Chapter 4
This one took me by surprise also, but obviously for the twist in the middle. I like it. All four chapters have been so different, it's kept everything interesting and kept me on my toes, so to speak (type). Another character being pulled into the story has me even more interested to find out what all the fuss is about and how they're all going to interact when they, I assume, cross paths.

Throughout the chapters I have especially loved the science fiction elements you've added, such as the suborbital travel, Meshing, existing digitally and the slots behind the ears. These are subtle ways of bringing us into this sci-fi world, rather than shoving it in my face trying to constantly remind the reader that its futuristic. Yours has none of that, its just the right amount to make it believable and doesnt make me stop and wonder what this tech stuff is.

Anyway, I obviously don't have a bad word to say about this! The multiple viewpoints are well handled, its well written and engaging and deserves high stars and a backing from me. Good luck on your short rest of the way to the desk!

Charlotte Elise
Saving Isondier.

FireweedFiend wrote 427 days ago

The Immortality Game is masterfully orchestrated, introducing the reader to a future that is both original, and completely believable, while conducting several stories and characters through an aria of adventure, suspense, and some pretty gritty murders. From the Mormons unintentionally coming out on top, to Meshing, there is not any part of this world that feels implausible.

I love the dynamic between the characters, especially Marcus and Zoya, and I even feel a bit of empathy for Tavik- I mean, the guy is clearly not all bad, just mostly. Is there a mailing list for when this gets published? I need this in my library, like, yesterday.

Brennon

Parogar wrote 497 days ago

You have an excellent writing style. Everything from your word-usage to sentence structure are all on par with what I'd tend to find in a published book, and your pacing is also good enough that one paragraph flows into another with very little abruptness or confusion.

Now, since you're writing a multiple POV story, I know it won't be revealed until later on where the POV characters intermingle, so I didn't feel that the story was at all disjointed from the switch. What I did think, however, is that the story (intentionally) makes certain elements just a little bit too ambiguous. In the first three chapters, I was able to follow them quite easily due to the skillful writing, but it was only as I reached the end of chapter three that I realized I actually didn't have that much of a clue as to what was really going on in the grand scheme of things; in terms of plot.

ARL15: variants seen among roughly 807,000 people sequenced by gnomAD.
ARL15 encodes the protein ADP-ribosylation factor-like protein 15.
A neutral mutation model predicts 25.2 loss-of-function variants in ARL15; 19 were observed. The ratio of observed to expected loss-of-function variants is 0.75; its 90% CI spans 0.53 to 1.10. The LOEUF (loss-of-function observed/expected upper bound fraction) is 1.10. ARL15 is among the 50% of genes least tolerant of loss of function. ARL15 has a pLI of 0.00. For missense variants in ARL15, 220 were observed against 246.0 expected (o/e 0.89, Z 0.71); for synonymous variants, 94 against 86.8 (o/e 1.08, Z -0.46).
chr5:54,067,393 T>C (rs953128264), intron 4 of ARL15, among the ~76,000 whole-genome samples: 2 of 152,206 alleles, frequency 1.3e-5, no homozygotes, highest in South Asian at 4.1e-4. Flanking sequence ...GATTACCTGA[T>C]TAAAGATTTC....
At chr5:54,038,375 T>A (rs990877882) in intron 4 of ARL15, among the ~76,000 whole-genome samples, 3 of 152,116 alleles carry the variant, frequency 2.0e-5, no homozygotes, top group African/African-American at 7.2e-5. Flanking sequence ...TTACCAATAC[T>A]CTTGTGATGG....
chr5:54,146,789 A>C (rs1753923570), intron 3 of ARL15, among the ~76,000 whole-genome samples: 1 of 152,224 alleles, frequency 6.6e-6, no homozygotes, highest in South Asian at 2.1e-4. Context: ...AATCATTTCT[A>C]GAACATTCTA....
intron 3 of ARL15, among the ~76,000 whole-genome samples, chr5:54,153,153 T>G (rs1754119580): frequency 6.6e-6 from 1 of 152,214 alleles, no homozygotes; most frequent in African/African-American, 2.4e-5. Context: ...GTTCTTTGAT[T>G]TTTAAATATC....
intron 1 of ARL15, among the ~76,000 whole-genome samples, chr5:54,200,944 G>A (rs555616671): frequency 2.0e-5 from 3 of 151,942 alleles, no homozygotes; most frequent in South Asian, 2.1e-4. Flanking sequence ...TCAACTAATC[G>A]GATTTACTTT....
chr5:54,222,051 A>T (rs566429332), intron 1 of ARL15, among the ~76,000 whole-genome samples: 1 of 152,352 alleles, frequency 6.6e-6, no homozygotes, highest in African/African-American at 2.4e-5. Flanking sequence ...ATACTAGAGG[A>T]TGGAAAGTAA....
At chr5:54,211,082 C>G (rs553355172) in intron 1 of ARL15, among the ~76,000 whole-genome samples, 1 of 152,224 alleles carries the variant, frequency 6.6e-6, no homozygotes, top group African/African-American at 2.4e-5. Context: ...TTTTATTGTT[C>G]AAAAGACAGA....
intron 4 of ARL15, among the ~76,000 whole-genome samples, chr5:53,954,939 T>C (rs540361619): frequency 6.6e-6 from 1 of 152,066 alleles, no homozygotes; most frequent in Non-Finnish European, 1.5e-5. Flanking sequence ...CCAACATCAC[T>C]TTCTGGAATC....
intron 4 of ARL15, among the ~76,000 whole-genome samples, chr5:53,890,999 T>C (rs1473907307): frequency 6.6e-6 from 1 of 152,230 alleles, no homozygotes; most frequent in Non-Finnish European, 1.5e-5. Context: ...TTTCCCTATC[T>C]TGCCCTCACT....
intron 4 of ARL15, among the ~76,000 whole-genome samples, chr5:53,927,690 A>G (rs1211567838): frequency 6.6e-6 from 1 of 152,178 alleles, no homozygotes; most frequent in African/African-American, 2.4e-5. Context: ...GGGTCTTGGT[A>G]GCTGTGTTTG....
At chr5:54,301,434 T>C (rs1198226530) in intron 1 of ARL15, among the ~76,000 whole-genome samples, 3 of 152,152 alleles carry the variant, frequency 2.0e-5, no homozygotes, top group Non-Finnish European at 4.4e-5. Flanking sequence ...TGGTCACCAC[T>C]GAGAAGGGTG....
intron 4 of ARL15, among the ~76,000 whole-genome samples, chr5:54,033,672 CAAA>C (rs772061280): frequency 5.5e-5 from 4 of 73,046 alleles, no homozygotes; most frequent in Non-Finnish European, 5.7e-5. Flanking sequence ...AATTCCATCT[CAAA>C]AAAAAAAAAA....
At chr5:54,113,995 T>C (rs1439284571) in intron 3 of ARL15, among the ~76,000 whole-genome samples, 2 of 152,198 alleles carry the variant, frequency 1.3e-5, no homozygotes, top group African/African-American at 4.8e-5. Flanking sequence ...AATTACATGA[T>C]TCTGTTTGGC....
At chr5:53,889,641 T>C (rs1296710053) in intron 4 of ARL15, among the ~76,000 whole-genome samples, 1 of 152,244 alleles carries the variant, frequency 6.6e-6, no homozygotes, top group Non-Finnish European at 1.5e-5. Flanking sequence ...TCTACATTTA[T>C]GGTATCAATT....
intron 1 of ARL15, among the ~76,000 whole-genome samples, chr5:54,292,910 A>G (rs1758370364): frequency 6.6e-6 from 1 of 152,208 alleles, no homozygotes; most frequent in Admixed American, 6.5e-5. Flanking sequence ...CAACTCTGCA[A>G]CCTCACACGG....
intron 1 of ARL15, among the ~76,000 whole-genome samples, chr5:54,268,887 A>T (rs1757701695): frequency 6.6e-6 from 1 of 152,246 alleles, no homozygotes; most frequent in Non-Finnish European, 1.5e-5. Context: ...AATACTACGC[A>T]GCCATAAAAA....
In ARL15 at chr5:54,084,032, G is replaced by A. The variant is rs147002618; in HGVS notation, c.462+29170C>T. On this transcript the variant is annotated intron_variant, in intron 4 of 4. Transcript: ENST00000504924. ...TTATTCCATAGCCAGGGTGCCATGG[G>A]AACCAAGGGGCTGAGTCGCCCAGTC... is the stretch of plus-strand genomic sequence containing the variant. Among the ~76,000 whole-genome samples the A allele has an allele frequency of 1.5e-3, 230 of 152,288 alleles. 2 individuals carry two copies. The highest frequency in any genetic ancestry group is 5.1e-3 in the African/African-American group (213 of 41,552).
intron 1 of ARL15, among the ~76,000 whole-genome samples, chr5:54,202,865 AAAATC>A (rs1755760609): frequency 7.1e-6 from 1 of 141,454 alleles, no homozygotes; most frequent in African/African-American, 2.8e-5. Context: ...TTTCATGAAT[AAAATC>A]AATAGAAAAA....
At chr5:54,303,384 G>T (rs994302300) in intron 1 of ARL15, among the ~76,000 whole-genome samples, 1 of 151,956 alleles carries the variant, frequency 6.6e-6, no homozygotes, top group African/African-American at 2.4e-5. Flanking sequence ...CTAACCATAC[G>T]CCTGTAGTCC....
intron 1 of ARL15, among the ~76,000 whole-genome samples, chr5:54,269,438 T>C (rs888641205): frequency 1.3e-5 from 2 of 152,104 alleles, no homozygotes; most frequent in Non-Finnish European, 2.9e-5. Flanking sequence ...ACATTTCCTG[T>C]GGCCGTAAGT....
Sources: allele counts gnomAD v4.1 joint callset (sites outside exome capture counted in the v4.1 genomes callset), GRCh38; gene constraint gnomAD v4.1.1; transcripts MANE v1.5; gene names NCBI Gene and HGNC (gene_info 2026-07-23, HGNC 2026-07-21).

In Chapter 2, the techno-talk was a bit confusing. It went on a bit, and I really just couldn't follow it as well as I'd hoped to be able to. My recommendation for chapter 2 would be to reduce the technobabble just a pinch because after a point it becomes jarring. But for all three chapters overall, I think giving just a few more "hints", without reveling everything. I think I know what you're going for. There's a world of mystery and plot waiting to be discovered for the reader, but I think giving us just a bit more reason for the urgency and conflict early on will help to more firmly plant the reader into the tension.

If I had to be completely honest with you, there's probably a bunch of plot things I could criticize if I re-read it, but the writing was so good that I didn't notice them. Maybe I'm just overly enthusiastic because this was one of the few things I've read so far on Authonomy since RJ's where I could actually, 100% place myself inside of a character's head. Honestly, if you can get a reader that far, they'll usually come along for the ride no matter what genre or story you're telling.

The first and third chapters were my favorite of the three, especially the scarier third, with Georgy and the "gangsters". The second one was a bit muddled in shadows, and by that I mean it was purposely (I think you did it on purpose) a bit confusing.

I'd buy this in a bookstore because the writing is indistinguishable from other published authors--by that I mean I can't look at it and say amateur author!--and it had a gripping first chapter. I don't feel as if you're trying to teach me new words, and I don't get the sense that you're trying to teach me anything, really. The story comes off like just that; a story. It reads like someone who has a tale they want to tell, and they're doing so in the most accessible way they can.... minus the technobabble.

Sylvia wrote 508 days ago

Aside from one small issue, I found this story astonishingly well written and completely gripping.

It's difficult to imagine how you thought up the characters: a protagonist who does beauty treatments for corpses, then a fat student with his father plugged into his brain: 'Something I've been searching for ever since I died.' Despite this strangeness and the future setting, the people are totally believable and the reality is as gritty as it gets, especially the encounter between Georgy and Tavik. I also like the notion of Mesh, which is a strong possibility even now.

Poplar seeds floated like snowflakes on the summer breeze … This is one of those descriptions that can only come from close familiarity to a place. (I've since seen from your bio that this is the case.) It not only brings the story alive, it also makes it feel authentic.

From the chapters I've read, I'd definitely buy this novel. It should get a great review from HC and It should be published. Starred and on my shelf until it makes the desk.

My only gripe is the opening paragraph:

It would be too easy to say one hates working with corpses … This is too impersonal for a first line. Who is one? The narrator? The character? The queen?

… onto the grossly fat man on the stainless steel slab … is it possible to avoid the repeat of 'on' or make it less noticeable. I know this is picky, but it is the opening paragraph.